Twain was also inspired by a lot of other people in his life. He based several characters in The Adventures of Tom Sawyer on his boyhood memories in Hannibal, Missouri. His mother became Aunt Polly, his childhood sweetheart became Becky Thatcher, and several troublemaking boys combined to make the ever-bothersome Huckleberry Finn. He also based the runaway slave Jim on his butler, George Griffin.

Twain wasn’t just about characters, though. He was also heavy into politics and could never keep his mouth shut about anything. The grand result of this love of satire was a book called The Gilded Age, in which Twain practically tore American values of the time apart at the seams and revealed the ugly truth beneath all of it, all the while never letting up or apologizing for his actions.

Despite his controversial nature, however, Twain was not a troublemaker. He was simply a rabble-rouser, and he always had a good reason for writing every shocking sentence he ever put to paper.

“Always do right,” Twain wrote in 1901. “This will gratify some people and astonish the rest.”

Twain’s work, to this day, continues to both gratify and astonish readers all over the world. Part of the reason is the way Twain presents his humor.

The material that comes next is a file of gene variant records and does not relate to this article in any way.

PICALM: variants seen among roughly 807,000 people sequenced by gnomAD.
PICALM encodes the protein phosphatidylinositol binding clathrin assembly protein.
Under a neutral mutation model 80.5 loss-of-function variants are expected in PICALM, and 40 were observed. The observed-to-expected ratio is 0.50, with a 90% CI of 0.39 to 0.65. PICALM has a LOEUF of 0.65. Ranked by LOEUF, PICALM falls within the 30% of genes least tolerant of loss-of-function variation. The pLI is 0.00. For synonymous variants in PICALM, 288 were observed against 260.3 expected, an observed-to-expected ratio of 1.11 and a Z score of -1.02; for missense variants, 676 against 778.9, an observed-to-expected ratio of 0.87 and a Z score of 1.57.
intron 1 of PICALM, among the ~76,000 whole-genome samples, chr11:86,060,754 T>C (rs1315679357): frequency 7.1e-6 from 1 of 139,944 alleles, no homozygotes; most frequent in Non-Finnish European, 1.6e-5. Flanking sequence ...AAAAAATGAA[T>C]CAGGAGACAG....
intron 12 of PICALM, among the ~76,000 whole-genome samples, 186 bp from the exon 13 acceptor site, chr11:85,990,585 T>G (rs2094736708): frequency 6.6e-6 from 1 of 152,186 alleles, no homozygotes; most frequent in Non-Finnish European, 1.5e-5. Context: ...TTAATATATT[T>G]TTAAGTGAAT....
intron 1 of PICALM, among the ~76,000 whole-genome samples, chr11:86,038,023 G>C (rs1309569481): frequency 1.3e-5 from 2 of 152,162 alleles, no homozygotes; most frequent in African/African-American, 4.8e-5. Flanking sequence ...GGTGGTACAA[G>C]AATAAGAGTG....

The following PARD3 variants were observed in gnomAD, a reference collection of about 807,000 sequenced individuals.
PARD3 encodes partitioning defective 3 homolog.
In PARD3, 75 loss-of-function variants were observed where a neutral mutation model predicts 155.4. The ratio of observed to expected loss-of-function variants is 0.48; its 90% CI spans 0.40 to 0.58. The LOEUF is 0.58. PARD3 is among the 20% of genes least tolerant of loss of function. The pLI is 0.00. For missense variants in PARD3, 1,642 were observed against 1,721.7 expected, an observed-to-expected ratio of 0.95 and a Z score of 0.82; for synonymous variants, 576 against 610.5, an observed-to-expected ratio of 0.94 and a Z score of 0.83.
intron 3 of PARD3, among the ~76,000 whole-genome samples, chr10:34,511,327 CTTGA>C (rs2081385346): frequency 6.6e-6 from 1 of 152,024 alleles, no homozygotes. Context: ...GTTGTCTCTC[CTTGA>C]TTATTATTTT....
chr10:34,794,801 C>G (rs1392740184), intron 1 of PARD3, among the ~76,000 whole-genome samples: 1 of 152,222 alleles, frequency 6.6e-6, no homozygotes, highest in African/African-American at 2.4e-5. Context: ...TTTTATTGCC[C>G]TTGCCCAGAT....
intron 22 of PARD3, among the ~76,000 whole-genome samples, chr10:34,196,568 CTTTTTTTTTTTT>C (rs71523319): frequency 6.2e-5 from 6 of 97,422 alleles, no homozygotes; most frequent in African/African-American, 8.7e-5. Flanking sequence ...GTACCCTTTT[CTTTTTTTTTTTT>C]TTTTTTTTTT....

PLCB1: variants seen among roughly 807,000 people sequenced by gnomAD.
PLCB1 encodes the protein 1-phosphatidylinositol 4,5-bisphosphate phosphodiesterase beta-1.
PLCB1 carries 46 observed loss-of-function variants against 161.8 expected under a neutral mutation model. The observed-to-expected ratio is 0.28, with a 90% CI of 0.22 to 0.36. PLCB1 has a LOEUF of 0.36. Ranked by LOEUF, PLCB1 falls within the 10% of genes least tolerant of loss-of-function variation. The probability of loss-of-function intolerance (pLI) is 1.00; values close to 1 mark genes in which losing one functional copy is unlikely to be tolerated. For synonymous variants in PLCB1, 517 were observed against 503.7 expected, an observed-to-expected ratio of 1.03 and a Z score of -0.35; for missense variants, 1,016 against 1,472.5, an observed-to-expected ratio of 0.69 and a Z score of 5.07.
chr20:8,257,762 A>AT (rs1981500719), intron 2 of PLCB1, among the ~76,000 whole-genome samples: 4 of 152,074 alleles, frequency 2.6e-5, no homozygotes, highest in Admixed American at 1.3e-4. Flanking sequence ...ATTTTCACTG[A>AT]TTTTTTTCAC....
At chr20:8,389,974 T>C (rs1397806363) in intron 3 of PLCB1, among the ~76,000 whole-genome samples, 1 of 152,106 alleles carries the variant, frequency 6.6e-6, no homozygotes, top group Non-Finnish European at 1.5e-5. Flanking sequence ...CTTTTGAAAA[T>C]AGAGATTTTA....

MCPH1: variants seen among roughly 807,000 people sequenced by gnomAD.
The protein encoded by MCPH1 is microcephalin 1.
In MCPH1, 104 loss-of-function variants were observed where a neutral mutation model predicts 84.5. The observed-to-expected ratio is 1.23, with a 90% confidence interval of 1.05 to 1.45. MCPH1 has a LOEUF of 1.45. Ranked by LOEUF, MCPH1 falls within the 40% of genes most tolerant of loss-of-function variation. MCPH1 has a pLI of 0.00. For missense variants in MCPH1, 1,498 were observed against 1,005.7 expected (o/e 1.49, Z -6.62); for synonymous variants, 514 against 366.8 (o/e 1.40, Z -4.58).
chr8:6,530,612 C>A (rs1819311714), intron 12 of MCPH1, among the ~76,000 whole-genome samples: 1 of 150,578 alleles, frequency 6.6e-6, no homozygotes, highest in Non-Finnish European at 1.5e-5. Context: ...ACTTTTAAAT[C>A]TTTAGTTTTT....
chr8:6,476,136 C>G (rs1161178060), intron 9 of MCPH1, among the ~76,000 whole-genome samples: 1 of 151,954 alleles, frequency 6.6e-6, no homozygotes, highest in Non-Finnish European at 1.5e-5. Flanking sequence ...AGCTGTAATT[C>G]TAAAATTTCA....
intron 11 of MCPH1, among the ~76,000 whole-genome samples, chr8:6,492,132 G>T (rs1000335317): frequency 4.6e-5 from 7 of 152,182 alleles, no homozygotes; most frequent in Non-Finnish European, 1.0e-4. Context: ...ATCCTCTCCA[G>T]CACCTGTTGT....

Mark Twain House & Museum Chief Curator Patti Philippon said Twain tended to write how people actually sound.

Instead of being flowery and poetic, Twain wrote his books in plain English so that the message wouldn’t be lost.

“You can understand (Twain) a lot better” than most writers of the time, Courtney said.

People had written plainly before Twain, Courtney said, but he was “the first to make it a point.”

Twain, however was never completely blunt. He realized that in order for the audience to get the message, he had to make it interesting. He didn’t tell you to be honest. He simply said, “when in doubt, tell the truth.”

Twain is not the only person in the world to use humor as a selling point, however. Modern entertainers borrow heavily from Twain’s method of telling stories like they happened. Good humor is always a welcome addition to any story.

Most modern comedies realize that in order to be funny, there doesn’t need to be a lot happening.

Shows like The Daily Show with Jon Stewart, The Colbert Report, and Louis CK’s Louie draw a lot of praise and laughs basically having a small group of people who have a small focus, but a lot of insight. I like to refer to this kind of humor as “Seinfeldian,” after the show (and comedian) that made it popular.